Disgruntled or not, an employee has a right under federal whistleblower laws to report workplace health and safety issues without retaliation.
The United States Occupational Safety and Health Administration (OSHA) has outlined steps to help employers deal with these issues, according to The National Law Review.
Under the Occupational Safety and Health Act of 1970, employers are responsible for providing safe and healthy workplaces for their employees, according to OSHA.
OSHA recommends best ways to prevent whistleblower retaliation in the agency’s Recommended Practices for Anti-Retaliation Programs:
- These steps are intended to help employers receive and respond to employee reports of noncompliance with safety and health or other laws.
- They are also aimed at preventing and addressing retaliation against employees who voice concerns.
- The steps in which OSHA recommends best ways to prevent whistleblower retaliation cover not only regular employees.
- The steps extend to temporary employees, leased workers and contractors.
OSHA suggests training employees about their right to report issues without delay to OSHA or an appropriate agency.
Even if the agency is aware that the report was filed by a disgruntled current or former employee, OSHA must still follow up on a complaint without regard to the aims of the complaining employee.
Employees can report violations to employers or go directly to OSHA.
What steps can I take?
The steps OSHA recommend consist of:
- Managers who lead by example, encourage employees to report concerns and respect confidentiality
- A clearly communicated system for resolving employees’ reported concerns
- A system for receiving and responding to reports of retaliation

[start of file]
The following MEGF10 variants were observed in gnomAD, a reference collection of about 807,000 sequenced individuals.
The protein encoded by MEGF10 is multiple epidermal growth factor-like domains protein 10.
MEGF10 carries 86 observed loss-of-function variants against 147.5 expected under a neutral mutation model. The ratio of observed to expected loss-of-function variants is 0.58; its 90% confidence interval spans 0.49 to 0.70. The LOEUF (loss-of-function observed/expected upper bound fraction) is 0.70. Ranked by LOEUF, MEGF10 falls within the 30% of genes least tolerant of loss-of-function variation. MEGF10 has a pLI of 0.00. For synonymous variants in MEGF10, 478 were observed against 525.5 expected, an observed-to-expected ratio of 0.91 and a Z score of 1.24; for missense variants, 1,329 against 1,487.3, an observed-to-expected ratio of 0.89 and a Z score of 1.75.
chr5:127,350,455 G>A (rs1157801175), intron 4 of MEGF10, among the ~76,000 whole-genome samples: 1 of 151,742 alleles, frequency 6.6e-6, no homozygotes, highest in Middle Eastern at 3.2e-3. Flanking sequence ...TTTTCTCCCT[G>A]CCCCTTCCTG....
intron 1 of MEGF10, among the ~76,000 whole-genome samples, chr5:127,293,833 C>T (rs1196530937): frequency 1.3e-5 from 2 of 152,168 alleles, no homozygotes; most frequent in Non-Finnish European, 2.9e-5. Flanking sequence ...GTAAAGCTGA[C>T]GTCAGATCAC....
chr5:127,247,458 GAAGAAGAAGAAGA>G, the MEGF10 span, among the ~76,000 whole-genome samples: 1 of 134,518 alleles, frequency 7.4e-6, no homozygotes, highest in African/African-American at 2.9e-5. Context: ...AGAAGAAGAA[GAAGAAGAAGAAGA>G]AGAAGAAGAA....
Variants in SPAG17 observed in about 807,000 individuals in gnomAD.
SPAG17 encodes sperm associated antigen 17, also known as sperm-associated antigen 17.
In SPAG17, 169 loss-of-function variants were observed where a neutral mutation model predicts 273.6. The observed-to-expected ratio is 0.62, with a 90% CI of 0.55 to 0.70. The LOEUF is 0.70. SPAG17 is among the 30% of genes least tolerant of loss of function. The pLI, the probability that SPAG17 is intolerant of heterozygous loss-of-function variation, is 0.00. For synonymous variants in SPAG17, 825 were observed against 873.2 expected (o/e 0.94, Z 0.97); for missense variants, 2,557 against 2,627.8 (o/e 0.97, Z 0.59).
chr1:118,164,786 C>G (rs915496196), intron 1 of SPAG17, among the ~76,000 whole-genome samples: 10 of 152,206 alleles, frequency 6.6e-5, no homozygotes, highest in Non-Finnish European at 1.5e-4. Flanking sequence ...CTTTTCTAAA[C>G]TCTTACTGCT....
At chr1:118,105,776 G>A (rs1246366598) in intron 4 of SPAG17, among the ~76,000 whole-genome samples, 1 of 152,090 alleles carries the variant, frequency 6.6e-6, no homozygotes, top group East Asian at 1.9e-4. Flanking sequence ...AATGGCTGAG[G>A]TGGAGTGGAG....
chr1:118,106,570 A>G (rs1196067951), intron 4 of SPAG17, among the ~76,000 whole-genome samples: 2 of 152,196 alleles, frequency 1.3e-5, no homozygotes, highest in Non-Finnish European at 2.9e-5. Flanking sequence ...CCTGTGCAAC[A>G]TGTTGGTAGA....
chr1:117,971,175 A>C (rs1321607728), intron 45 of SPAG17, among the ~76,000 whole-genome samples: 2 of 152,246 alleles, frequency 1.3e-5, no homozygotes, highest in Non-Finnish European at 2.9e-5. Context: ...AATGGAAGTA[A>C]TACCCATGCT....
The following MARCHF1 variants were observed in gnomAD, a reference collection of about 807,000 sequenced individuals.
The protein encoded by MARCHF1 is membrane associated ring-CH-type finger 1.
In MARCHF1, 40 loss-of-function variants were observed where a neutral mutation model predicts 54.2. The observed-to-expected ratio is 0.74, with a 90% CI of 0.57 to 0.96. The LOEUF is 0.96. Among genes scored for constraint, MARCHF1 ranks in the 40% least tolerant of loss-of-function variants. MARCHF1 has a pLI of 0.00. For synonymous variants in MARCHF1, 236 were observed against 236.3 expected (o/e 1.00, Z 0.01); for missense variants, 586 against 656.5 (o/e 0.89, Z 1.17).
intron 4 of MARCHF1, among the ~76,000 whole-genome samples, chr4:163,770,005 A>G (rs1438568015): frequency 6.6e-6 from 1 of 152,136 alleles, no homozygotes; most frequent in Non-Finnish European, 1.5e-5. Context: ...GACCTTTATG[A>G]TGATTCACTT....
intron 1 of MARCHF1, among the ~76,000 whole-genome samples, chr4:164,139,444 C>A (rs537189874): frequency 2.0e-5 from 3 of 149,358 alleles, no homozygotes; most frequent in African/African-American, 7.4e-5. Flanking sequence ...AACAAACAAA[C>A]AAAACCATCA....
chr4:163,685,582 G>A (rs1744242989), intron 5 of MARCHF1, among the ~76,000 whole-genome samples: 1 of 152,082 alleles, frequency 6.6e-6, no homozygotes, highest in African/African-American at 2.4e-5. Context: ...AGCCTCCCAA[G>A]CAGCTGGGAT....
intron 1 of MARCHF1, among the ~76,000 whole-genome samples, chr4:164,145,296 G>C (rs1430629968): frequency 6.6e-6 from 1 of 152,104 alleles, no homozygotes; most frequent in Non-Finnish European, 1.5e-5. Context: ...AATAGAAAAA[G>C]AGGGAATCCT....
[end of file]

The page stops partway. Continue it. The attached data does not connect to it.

- Anti-retaliation training for employees and managers
- Program oversight, which may include monitoring or audits that identify program strengths and weaknesses.
Suggestions to accomplish this include:
- Employers providing multiple confidential or anonymous channels for complaints
- Follow up interviews with complaining employees
- Anonymous surveys of employees to assess a company’s program
OSHA enforces 22 whistleblower laws. The laws are intended to protect employees who report violations pertaining to securities laws, trucking, airline, nuclear power, pipeline, environmental, rail, maritime, health care, workplace safety and health regulations, and consumer product safety laws.
In OSHA’s eyes, retaliation occurs when an employer takes adverse action against an employee after the employee engaged in a protected activity. This action can be taken by a manager, supervisor, or administrator.
Protected activities in these cases include raising a concern about a workplace condition that could have a negative effect on the safety, health, or well-being of the reporting employee, other workers or the public.
How can I protect myself from retaliation?
As OSHA recommends best ways to prevent whistleblower retaliation, examples of retaliation include:
- Firing or laying off
- Denying overtime
- Denying promotion
- Denying benefits
- Failing to hire or rehire
- Making threats
- Blacklisting an employee to other employers
- Cutting pay or hours
- More subtle actions, such as isolating, ostracizing, mocking, or falsely accusing the employee of poor performance.
Employees who report a workplace safety problem may feel that they have been the target of retaliation. Because of that, they should not be required to report to the manager who they believe retaliated against them.
OSHA says that retaliation against employees who raise or report concerns or otherwise exercise their rights under these laws is not only illegal but bad for business.
Employers who take a proactive approach in preventing retaliation against whistleblowers create a positive workplace. That can improve employee satisfaction and production.
Contact Klie Law Offices in West Virginia today for help with cases of whistleblower retaliation and for help with other workplace problems.